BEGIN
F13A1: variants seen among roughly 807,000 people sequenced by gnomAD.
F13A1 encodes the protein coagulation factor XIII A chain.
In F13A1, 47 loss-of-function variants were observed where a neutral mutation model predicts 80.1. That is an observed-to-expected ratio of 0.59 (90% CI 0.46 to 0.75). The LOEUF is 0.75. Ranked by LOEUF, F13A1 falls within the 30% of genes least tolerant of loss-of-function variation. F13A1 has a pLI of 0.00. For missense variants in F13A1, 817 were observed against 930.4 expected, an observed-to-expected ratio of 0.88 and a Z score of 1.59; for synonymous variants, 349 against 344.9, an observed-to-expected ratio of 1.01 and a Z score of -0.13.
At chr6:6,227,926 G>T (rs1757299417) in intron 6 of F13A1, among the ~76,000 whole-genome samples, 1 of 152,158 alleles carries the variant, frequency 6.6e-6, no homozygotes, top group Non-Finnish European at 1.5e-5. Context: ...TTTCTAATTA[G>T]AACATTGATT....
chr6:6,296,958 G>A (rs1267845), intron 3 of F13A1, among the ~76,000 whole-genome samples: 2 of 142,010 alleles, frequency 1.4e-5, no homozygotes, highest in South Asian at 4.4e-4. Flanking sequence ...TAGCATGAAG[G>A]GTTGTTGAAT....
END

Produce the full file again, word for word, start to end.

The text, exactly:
F13A1: variants seen among roughly 807,000 people sequenced by gnomAD.
F13A1 encodes the protein coagulation factor XIII A chain.
In F13A1, 47 loss-of-function variants were observed where a neutral mutation model predicts 80.1. That is an observed-to-expected ratio of 0.59 (90% CI 0.46 to 0.75). The LOEUF is 0.75. Ranked by LOEUF, F13A1 falls within the 30% of genes least tolerant of loss-of-function variation. F13A1 has a pLI of 0.00. For missense variants in F13A1, 817 were observed against 930.4 expected, an observed-to-expected ratio of 0.88 and a Z score of 1.59; for synonymous variants, 349 against 344.9, an observed-to-expected ratio of 1.01 and a Z score of -0.13.
At chr6:6,227,926 G>T (rs1757299417) in intron 6 of F13A1, among the ~76,000 whole-genome samples, 1 of 152,158 alleles carries the variant, frequency 6.6e-6, no homozygotes, top group Non-Finnish European at 1.5e-5. Context: ...TTTCTAATTA[G>T]AACATTGATT....
chr6:6,296,958 G>A (rs1267845), intron 3 of F13A1, among the ~76,000 whole-genome samples: 2 of 142,010 alleles, frequency 1.4e-5, no homozygotes, highest in South Asian at 4.4e-4. Flanking sequence ...TAGCATGAAG[G>A]GTTGTTGAAT....